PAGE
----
What, then, was deemed to be ‘good’ fiction? For an answer, we can turn to the library and book-shop accession lists drawn up by the British Council; these lists serve as an ideal index of the Establishment's preferred type of literature. The British Council was created by the Foreign Office, and its stance, unsurprisingly, was very conservative. In a list drawn up in 1936, it is the works of Byron, Chaucer, Dickens, Donne, Hardy, Joyce and Yeats which dominate.52 Similarly, in a more expansive list compiled in 1940, featuring both books and magazines, it is once again the ‘classics’ – works by Conrad, Kipling and Waugh – that eclipse the number of all other book additions. The magazines made available were also of the ‘better type’. These included Women's Journal, Women's Magazine, and Picture Post. Unsurprisingly, magazines aimed (p.49) at a working-class readership did not feature on this list.53 Despite claiming that its range of books was ‘as wide as possible’, then, the choice of fiction offered by the British Council was extremely limited in terms of cultural status.54 The accession lists were slanted towards ‘good’ literature. The only ‘cheaper editions’ offered were those by Penguin Books, Florin Books, Everyman's Library, and such like; and these were middle-brow novels that were recognised as being culturally superior to the twopenny editions.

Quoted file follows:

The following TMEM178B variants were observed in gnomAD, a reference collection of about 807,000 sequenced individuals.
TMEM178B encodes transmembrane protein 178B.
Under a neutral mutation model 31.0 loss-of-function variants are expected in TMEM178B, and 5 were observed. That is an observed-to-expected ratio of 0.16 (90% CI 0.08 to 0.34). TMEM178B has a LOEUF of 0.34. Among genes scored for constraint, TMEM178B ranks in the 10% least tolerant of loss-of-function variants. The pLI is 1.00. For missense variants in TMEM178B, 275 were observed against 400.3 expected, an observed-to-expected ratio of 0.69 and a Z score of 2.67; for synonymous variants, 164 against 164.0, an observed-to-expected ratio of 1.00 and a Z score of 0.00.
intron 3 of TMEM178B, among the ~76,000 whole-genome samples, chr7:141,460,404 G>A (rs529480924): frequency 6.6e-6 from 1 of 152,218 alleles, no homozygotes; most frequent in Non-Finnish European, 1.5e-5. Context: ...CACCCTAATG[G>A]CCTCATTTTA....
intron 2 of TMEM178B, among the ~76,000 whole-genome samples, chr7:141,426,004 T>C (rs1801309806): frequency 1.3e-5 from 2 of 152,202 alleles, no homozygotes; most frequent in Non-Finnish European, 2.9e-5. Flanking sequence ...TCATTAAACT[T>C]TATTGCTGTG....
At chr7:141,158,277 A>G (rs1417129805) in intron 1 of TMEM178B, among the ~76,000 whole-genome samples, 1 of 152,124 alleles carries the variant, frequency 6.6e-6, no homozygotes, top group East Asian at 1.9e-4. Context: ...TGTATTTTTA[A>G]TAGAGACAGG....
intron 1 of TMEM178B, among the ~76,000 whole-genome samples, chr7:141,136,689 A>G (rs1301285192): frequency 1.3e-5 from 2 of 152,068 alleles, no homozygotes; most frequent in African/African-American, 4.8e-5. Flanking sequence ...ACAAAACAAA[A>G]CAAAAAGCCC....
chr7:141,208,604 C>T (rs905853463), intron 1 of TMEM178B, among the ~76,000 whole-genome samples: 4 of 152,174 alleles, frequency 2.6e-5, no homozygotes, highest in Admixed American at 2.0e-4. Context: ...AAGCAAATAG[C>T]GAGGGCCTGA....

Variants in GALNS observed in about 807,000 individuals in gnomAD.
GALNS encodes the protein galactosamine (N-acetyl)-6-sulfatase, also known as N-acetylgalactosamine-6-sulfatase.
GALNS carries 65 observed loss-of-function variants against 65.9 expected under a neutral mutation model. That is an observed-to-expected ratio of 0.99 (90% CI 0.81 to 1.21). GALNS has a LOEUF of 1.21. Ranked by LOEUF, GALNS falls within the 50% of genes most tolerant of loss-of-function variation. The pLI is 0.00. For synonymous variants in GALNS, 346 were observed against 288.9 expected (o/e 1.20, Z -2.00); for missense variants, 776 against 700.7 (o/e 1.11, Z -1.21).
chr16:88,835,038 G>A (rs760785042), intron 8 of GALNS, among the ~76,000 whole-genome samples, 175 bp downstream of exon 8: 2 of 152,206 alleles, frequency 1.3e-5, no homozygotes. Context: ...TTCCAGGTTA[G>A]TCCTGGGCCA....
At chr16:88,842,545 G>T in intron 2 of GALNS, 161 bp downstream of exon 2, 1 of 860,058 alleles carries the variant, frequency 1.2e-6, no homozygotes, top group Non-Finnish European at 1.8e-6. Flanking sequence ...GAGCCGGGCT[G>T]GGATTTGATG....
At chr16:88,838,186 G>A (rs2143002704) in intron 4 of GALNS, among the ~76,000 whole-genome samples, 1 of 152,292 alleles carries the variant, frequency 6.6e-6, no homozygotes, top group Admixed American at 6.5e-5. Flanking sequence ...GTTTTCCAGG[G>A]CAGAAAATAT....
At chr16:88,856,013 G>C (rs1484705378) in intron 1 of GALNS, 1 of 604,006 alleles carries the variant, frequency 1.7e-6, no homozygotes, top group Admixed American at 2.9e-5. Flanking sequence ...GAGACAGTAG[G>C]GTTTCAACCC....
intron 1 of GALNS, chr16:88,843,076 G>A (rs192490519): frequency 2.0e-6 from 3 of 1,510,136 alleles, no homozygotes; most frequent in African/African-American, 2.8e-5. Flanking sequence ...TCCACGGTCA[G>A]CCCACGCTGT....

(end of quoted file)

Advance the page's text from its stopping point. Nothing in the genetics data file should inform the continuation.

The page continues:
Significantly, the British Council had a close affiliation with the publishing trade. As The Publishers’ Circular observed, ‘ever since its formation the Council has enjoyed the generous co-operation of the publishers of books and of newspapers and periodicals’.55 This co-operation took many forms. ‘In addition to making a contribution to the funds of the Council,’ the paper noted, ‘the Publishers’ Association have allowed the privilege of purchasing books, for presentation abroad, at trade prices, and on special terms when the books are required for reviews abroad’.56 Not surprisingly, then, those working in the publishing trade were often also very conservative in terms of the types of book produced and made available to the reading public. Indeed, publishing trade personnel constantly debated the merits of the growth in the reading habit, particularly the tendency of the public to read more ‘light’ fiction. Indeed, the paper's discussions on the matter were frequently hot-tempered, especially when questioning the provision of fiction in the country's public libraries.